Roberts, S. G. & Levinson (2015) On-line pressures for turn-taking constrain the cultural evolution of word order. Workshop on Cognitive Linguistics and the Evolution of Language, International Cognitive Linguistics Conference, Newcastle University, UK.
Sacks, H., Schegloff, E. A., and Jefferson, G. (1974). A simplest systematics for the organization of turn-taking for conversation. Language, 40(4):696–735.
Vogt, P. (2014) Language acquisition through interactions: A cross-cultural corpus of multimodal interactions with 1-to 2-years old infants. 8th International Conference on Construction Grammar. Osnabrück University, Germany.
Vogt, P. and Haasdijk, E. (2010). Modeling social learning of language and skills. Artificial Life, 16(4):289–309.
I was interviewed for about an hour, but the quotes from me in the piece are actually a bit out of context. For instance, I claim that this is the first study of its kind, when there have been several studies which looks at climate and language (including one I co-authored with Caleb Everett and Damian Blasi). But, to be fair, Maddieson and Coupe’s study is probably the one with the greatest range of ecological variables and most sophisticated linguistic measure (although I’m not sure yet how they control for historical relatedness).
You can read about the study in the article above, but I wanted to address another thing I’m quoted as saying. The interviewer asked if it was possible to see these effects in a single language or a single speaker, and I said that it was very unlikely, but that I’d tried to do this with transcripts of Larry King. I went on to say that I absolutely wouldn’t publish this because it was a crazy idea that nobody would believe.
But now the cat’s out of the bag, so here’s what I found.
Does Larry King use more vowels when it’s warmer?
If we see language change as natural selection operating on individual utterances in conversation (a la Croft and others), then we should be able to see selective pressures at work in the utterances of an individual speaker. This should also apply to the influence of climate. Given enough data, you should be able to see an individual adapting over the seasons. In light of Maddieson and Coupe’s hypothesis, speakers should use proportionately more vowels compared to consonants when it’s warmer.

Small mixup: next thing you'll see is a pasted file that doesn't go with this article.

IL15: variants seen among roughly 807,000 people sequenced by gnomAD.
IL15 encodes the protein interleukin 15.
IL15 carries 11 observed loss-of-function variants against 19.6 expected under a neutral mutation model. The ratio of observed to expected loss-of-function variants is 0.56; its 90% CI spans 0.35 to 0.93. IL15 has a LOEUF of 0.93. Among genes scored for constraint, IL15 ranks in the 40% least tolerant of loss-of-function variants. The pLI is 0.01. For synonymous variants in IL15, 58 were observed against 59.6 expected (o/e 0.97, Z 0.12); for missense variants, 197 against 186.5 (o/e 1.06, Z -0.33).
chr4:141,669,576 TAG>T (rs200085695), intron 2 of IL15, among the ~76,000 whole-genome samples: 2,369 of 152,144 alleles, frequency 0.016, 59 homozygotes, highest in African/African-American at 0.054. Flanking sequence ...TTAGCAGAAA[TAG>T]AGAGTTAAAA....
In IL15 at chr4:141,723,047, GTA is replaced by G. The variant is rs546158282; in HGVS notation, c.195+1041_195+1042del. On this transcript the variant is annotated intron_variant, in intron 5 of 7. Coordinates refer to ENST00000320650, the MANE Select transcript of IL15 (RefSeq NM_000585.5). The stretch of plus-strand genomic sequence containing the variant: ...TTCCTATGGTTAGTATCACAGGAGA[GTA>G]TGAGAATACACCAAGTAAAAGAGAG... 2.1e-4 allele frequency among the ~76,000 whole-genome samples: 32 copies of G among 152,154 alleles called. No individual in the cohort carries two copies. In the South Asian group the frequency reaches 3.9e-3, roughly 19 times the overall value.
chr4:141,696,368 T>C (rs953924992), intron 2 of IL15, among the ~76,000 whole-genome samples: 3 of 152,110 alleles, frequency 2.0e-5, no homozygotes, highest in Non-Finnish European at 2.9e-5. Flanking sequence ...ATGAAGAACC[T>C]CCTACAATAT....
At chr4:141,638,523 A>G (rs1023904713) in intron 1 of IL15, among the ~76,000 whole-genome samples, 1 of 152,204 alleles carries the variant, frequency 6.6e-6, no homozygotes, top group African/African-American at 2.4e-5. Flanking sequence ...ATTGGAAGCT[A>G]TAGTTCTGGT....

CNN provides transcripts for every show broadcast between 2000 and 2012. Larry King has done an interview practically every day on the show ‘Larry King Live’ (which has been used before in linguistic studies), so I extracted Larry King’s speech transcripts (excluding the guest’s speech, mentions of the location of the studio and the guest’s names). For each transcript I counted the frequency of each letter, then calculated the ratio of vowels (aeiouy) to consonants. Then, for each air date, I found the actual temperature and humidity data for that date and the location of the show (CNN studios in LA). The show is occasionally recorded in Washington DC or New York. I tried to detect these automatically and matched them with the climate measures for the CNN studios in those cities.
There are about 3,500 transcripts over 11 years, about 90% of which were aired on consecutive days. (I know nothing about this show, and am a bit surprised by its frequency! I’ll have to check whether the transcripts include repeats).
Here is a depiction of the results for temperature and humidity:
The Black lines show King’s vowel ratio (higher = more vowels) and bars are 95% confidence intervals around the mean for each week of the year. The maximum and minimum temperature are shown in red and blue. Below is a similar graph for specific humidity.
Surprisingly, there is some variation in proportion of vowels, and it looks like there’s a trend in the right direction.
To analyse the data, I used a linear mixed effects model, predicting vowel ratio by (log) text length and maximum temperature, with random effects for year and each week (580 separate weeks, to try to control for topical issues).
Maximum temperature significantly improves the fit of the model over a null model with text length (Chi Squre = 23.7, df = 1, p < 0.00001).
Estimate Std. Error t value
(Intercept) 4.100e-01 8.114e-04 505.3
maxTempC.loc 9.628e-05 1.973e-05 4.9
text.total.log.center 5.340e-03 8.400e-04 6.4
King uses proportionately more vowels when it’s warmer. The effect is very small: On average, there is a difference of about 15 vowels used in an hour of conversation between summer and winter. A model with location-specific maximum temperature improves the model fit over one with just LA-specific maximum temperature (Chi Sqaured = 11.59, df=1 , p=0.0007).
Of course, the temperature is not independent from day to day, so I also tried a lagged regression, predicting vowel ratio by text length (total) and maximum temperature of the recording location (maxTempC.loc). Lagging back in time by days.